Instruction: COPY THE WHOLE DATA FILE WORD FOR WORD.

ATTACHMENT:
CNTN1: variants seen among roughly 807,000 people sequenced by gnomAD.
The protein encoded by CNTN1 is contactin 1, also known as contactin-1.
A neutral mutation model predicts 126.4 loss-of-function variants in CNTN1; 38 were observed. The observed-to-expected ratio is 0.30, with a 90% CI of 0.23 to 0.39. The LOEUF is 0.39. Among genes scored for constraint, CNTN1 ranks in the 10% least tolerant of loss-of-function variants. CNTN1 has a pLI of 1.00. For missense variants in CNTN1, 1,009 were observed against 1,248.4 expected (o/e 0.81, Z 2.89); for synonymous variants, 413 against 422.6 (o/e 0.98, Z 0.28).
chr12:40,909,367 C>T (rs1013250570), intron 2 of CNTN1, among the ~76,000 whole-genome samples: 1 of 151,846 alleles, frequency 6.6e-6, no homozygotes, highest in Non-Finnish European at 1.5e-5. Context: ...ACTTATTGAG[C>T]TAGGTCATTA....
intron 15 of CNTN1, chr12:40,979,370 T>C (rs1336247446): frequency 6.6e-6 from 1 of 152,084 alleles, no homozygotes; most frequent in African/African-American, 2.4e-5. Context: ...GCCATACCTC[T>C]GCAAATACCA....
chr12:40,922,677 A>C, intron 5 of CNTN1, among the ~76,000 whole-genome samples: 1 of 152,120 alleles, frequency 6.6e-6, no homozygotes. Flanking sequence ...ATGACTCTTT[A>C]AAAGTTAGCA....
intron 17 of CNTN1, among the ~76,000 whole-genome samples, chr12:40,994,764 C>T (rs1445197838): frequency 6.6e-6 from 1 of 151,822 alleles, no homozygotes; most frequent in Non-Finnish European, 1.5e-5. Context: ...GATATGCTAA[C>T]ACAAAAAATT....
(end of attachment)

CNTN1: variants seen among roughly 807,000 people sequenced by gnomAD.
The protein encoded by CNTN1 is contactin 1, also known as contactin-1.
A neutral mutation model predicts 126.4 loss-of-function variants in CNTN1; 38 were observed. The observed-to-expected ratio is 0.30, with a 90% CI of 0.23 to 0.39. The LOEUF is 0.39. Among genes scored for constraint, CNTN1 ranks in the 10% least tolerant of loss-of-function variants. CNTN1 has a pLI of 1.00. For missense variants in CNTN1, 1,009 were observed against 1,248.4 expected (o/e 0.81, Z 2.89); for synonymous variants, 413 against 422.6 (o/e 0.98, Z 0.28).
chr12:40,909,367 C>T (rs1013250570), intron 2 of CNTN1, among the ~76,000 whole-genome samples: 1 of 151,846 alleles, frequency 6.6e-6, no homozygotes, highest in Non-Finnish European at 1.5e-5. Context: ...ACTTATTGAG[C>T]TAGGTCATTA....
intron 15 of CNTN1, chr12:40,979,370 T>C (rs1336247446): frequency 6.6e-6 from 1 of 152,084 alleles, no homozygotes; most frequent in African/African-American, 2.4e-5. Context: ...GCCATACCTC[T>C]GCAAATACCA....
chr12:40,922,677 A>C, intron 5 of CNTN1, among the ~76,000 whole-genome samples: 1 of 152,120 alleles, frequency 6.6e-6, no homozygotes. Flanking sequence ...ATGACTCTTT[A>C]AAAGTTAGCA....
intron 17 of CNTN1, among the ~76,000 whole-genome samples, chr12:40,994,764 C>T (rs1445197838): frequency 6.6e-6 from 1 of 151,822 alleles, no homozygotes; most frequent in Non-Finnish European, 1.5e-5. Context: ...GATATGCTAA[C>T]ACAAAAAATT....